In a slow news cycle, like we’re in now, human interest stories dominate, stuff like the the clock hoax, the Budapest refugee ‘crisis’, and so on, all overblown to turn outrage and curiosity into ad dollars. That’s why the news is a waste of time…little actionable value can be gleaned from it. The same goes for doom and gloom – predictions of America’s decline and demise – that have become commonplace on blogs and YouTube channels, and, like the news, is at the very least useless and, at worst, perilous to your financial health.
There won’t be a collapse – just a continuation and amplification of existing trends. I’ve been blogging on and off since 2008 or so, have read pretty much every economics opinion and perspective out there, and can’t recall a single instance of a doom & gloom prediction coming true.
The financial problem of 2008 could have been the start of something much worse, and many predicted it would, but thanks to effective policy, the propensity of the consumers to keep consuming and innovators to keep innovating, things quickly recovered.
Peter Schiff was completely wrong in predicting a surge in emerging markets, gold, and foreign currencies, as well as a decline the US dollar, hyper inflation, and a bear market in equities; the exact opposite happened. Inflation as measured by the CPI is still low, the dollar is surging, emerging markets & foreign currencies have been poor investments. Anyone who took Schiff’s ‘advice’ lost their shirt in one of the strongest bull markets ever. You not only underperformed the S&P 500 – you underperformed cash.
The same for Zer0hedge, which has been on the wrong side of things since 2009 and yet is still immensely popular as a ‘go to’ source for market ‘rumors’ that somehow retain their exclusivity after being viewed millions of times. Other times, it’s stating the obvious…’wow, computers are used in trading…who knew’.
And Karl Denninger, another whinny doom and gloom pundit who has gotten everything wrong, yet he is still considered an ‘authority’ on markets and the economy.
Why do people predict gloom? Maybe it’s trendy these days to be negative about the economy, in contrast to the the 80’s and 90’s when optimism seemed to prevail. You can sell more newsletter subscriptions, get more ad revenue if you scare people. Possibly, and understandably so, recent economic trends, wealth inequity, and job anxiety, as well as the election of Obama, have made many people negative about the economy and the fate of America, but I take an optimistic approach in that if the economy and stock market is thriving in spite of Obama, as a testament to the ingenuity and resiliency of the best and the brightest within a free market, with better leadership and better policy the economy can operate at its full potential.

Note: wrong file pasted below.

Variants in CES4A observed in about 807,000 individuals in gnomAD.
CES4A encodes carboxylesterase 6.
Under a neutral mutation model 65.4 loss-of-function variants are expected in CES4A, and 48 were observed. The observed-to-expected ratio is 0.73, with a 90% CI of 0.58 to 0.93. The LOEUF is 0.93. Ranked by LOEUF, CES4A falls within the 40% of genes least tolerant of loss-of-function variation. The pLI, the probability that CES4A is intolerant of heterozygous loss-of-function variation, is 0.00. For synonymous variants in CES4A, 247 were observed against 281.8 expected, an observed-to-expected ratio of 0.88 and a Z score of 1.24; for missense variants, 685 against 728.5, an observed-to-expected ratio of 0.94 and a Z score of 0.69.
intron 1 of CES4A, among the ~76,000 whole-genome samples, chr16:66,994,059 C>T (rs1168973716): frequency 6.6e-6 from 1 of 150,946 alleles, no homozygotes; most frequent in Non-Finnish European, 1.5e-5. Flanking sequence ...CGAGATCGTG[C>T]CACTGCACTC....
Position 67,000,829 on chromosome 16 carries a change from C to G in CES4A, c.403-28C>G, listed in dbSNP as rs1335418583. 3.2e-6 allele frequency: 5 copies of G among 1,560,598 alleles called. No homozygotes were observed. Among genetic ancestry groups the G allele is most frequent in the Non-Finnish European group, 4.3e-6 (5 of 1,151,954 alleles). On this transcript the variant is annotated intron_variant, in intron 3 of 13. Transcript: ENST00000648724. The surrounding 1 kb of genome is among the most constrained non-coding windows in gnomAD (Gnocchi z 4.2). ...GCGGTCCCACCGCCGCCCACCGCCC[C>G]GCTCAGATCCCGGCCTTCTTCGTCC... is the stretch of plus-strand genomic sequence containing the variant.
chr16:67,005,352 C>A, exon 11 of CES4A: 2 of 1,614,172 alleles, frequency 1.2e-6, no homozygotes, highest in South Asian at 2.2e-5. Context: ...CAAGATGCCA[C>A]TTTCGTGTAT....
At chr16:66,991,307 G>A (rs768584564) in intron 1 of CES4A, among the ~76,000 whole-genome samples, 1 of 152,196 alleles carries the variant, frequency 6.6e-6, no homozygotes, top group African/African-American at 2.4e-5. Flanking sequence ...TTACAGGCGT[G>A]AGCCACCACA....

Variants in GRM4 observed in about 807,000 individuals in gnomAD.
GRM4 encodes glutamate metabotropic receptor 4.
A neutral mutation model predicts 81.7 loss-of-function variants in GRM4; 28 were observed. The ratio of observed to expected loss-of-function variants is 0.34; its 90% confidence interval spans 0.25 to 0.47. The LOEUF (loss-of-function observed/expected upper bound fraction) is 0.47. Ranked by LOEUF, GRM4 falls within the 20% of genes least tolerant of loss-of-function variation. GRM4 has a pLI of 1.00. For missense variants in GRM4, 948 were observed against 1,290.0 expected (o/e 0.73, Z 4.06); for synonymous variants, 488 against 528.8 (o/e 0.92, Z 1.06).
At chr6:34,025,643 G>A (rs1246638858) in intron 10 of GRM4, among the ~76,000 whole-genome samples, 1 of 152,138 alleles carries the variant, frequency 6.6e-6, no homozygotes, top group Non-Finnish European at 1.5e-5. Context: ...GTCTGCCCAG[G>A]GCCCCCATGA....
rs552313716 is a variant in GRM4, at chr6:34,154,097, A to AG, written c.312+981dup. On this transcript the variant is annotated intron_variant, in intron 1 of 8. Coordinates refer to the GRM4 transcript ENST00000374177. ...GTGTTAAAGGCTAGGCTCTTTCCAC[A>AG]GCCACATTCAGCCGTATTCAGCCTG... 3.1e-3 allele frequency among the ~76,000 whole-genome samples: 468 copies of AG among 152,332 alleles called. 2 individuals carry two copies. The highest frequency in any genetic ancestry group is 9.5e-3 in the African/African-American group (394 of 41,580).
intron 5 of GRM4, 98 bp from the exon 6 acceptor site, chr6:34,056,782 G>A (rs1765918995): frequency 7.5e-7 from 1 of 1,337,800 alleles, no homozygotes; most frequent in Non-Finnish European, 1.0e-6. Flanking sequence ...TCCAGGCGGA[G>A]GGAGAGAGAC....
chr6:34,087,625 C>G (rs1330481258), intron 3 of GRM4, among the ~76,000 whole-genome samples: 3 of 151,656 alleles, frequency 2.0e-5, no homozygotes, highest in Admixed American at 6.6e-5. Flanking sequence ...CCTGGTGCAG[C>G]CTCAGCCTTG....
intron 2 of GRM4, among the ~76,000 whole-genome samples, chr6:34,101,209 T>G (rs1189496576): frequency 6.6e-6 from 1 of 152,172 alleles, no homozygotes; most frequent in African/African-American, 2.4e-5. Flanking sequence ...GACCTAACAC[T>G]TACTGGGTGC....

Doom and doom cuts both ways; welfare liberals say we’re doomed because of wealth inequality; some on the right says we’re doomed because of debt. Both are wrong, although being optimistic about America’s debt situation isn’t an invitation to careless spending.
To the left, especially, crisis is seen as a form of ‘retribution’, the resetting of the system to a more egalitarian state, against the wealthy and powerful elite. And for some on the right, crisis is a way for society to return to its ‘roots’, to a time before modernity made things worse by disrupting the ‘social order’.
How about a third option: Taking the good with the bad, playing the cards dealt without waiting or hoping for fate to reshuffle the deck and deal you a better hand.
But being a contrarian, by being long stocks while everoyne else is negative, pays nicely. They say the market climbs a wall of worry, and this bull market, the most hated ever, is up 200% from the March 2009 lows . You look at the late 90’s when everyone was optimistic, which ended in a 50% decline in the S&P 500 between 2000-2003, so perhaps the most enduring bull markets are ones where few are optimistic and participating. Everyone is looking for excuses for things to get worse – but GDP, consumer spending, and profits & earnings keeps humming along, quarter after quarter, year after year.
Overall, bet against America, its stock market, and its economy is a bet against its best and brightest that make America the economic and intellectual superpower it is today and probably always will be. With the exception of the 30’s and in 2008, such a bet would have been a big loser. We’re talking two successes out of a sample size of a hundred years. America may have social decline, and there are other problems, but things that can be measured – stuff like economic data and stock prices – are doing well, but if, unforeseeably, things go pot and don’t recover, maybe I’ll dust off the Karl Denninger and Zero Hedge articles as maybe there was some value amid the cacophony of fear peddling, and while a broken clock is right at least some of the the time, these pundits are never right.
Related: Ignore the Doom and Gloom Narratives